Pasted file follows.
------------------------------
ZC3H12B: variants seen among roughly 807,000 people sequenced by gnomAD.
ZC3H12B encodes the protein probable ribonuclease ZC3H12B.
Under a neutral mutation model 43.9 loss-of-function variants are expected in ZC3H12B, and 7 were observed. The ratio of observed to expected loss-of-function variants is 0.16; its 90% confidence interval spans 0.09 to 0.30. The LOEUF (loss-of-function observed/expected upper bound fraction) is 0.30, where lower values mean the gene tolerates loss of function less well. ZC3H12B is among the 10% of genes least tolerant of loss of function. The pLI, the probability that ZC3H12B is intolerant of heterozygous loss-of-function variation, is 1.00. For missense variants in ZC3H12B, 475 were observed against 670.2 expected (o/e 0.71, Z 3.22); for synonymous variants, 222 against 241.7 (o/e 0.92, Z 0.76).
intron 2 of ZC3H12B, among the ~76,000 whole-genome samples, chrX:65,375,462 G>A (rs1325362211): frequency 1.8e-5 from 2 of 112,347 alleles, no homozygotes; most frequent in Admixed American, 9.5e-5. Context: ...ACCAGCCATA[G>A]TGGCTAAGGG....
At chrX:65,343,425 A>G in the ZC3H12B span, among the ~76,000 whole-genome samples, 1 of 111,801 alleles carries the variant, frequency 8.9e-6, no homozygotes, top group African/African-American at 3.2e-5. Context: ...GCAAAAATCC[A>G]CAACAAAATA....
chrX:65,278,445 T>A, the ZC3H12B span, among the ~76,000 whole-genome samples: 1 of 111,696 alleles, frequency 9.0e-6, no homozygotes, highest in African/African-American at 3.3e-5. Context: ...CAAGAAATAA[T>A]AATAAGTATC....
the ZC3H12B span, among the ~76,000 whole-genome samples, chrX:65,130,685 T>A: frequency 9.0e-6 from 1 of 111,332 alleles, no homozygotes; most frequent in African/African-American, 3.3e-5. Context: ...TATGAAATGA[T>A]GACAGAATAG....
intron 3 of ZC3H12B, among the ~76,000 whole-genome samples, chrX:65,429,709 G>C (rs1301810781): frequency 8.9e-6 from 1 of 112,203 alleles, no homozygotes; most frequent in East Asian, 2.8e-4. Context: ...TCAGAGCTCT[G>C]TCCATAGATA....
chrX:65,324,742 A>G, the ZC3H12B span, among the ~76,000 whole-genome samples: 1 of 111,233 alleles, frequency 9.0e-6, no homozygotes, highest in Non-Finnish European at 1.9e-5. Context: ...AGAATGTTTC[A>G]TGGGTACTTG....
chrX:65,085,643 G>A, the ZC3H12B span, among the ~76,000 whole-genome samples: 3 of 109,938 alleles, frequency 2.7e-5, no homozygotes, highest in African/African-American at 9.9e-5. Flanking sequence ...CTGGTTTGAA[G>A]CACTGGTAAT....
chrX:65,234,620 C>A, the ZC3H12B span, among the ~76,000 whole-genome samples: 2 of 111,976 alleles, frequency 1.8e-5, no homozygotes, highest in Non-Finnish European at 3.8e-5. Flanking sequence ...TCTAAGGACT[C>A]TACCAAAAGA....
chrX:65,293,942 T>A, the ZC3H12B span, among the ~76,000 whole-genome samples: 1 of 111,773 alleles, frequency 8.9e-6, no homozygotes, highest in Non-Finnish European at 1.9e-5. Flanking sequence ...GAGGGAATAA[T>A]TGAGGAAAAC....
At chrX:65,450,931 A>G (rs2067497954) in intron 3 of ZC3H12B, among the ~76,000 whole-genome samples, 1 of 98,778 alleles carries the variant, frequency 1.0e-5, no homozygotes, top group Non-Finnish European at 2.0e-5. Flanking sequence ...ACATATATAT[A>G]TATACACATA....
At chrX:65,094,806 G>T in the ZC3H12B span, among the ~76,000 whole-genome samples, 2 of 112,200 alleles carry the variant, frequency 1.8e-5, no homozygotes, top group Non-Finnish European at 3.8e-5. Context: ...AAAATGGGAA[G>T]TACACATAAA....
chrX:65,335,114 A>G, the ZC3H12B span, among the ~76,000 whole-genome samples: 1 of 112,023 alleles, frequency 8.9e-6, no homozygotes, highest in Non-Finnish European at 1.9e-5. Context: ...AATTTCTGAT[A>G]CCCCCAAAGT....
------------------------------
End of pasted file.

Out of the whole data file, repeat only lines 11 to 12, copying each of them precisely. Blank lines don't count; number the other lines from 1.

chrX:65,234,620 C>A, the ZC3H12B span, among the ~76,000 whole-genome samples: 2 of 111,976 alleles, frequency 1.8e-5, no homozygotes, highest in Non-Finnish European at 3.8e-5. Flanking sequence ...TCTAAGGACT[C>A]TACCAAAAGA....
chrX:65,293,942 T>A, the ZC3H12B span, among the ~76,000 whole-genome samples: 1 of 111,773 alleles, frequency 8.9e-6, no homozygotes, highest in Non-Finnish European at 1.9e-5. Flanking sequence ...GAGGGAATAA[T>A]TGAGGAAAAC....